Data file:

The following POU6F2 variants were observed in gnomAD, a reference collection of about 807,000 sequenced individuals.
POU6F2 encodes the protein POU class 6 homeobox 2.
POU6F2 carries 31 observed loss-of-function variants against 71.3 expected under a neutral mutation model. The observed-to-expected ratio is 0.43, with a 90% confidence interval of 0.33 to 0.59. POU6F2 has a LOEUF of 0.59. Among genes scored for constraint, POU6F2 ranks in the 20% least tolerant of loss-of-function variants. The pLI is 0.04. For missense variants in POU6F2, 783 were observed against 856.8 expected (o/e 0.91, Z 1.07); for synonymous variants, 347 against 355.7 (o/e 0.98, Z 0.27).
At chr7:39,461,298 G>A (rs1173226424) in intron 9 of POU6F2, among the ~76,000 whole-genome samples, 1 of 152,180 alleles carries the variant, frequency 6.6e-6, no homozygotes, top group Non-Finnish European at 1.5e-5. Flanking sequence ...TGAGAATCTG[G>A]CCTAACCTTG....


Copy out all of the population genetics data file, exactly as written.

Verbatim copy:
The following POU6F2 variants were observed in gnomAD, a reference collection of about 807,000 sequenced individuals.
POU6F2 encodes the protein POU class 6 homeobox 2.
POU6F2 carries 31 observed loss-of-function variants against 71.3 expected under a neutral mutation model. The observed-to-expected ratio is 0.43, with a 90% confidence interval of 0.33 to 0.59. POU6F2 has a LOEUF of 0.59. Among genes scored for constraint, POU6F2 ranks in the 20% least tolerant of loss-of-function variants. The pLI is 0.04. For missense variants in POU6F2, 783 were observed against 856.8 expected (o/e 0.91, Z 1.07); for synonymous variants, 347 against 355.7 (o/e 0.98, Z 0.27).
At chr7:39,461,298 G>A (rs1173226424) in intron 9 of POU6F2, among the ~76,000 whole-genome samples, 1 of 152,180 alleles carries the variant, frequency 6.6e-6, no homozygotes, top group Non-Finnish European at 1.5e-5. Flanking sequence ...TGAGAATCTG[G>A]CCTAACCTTG....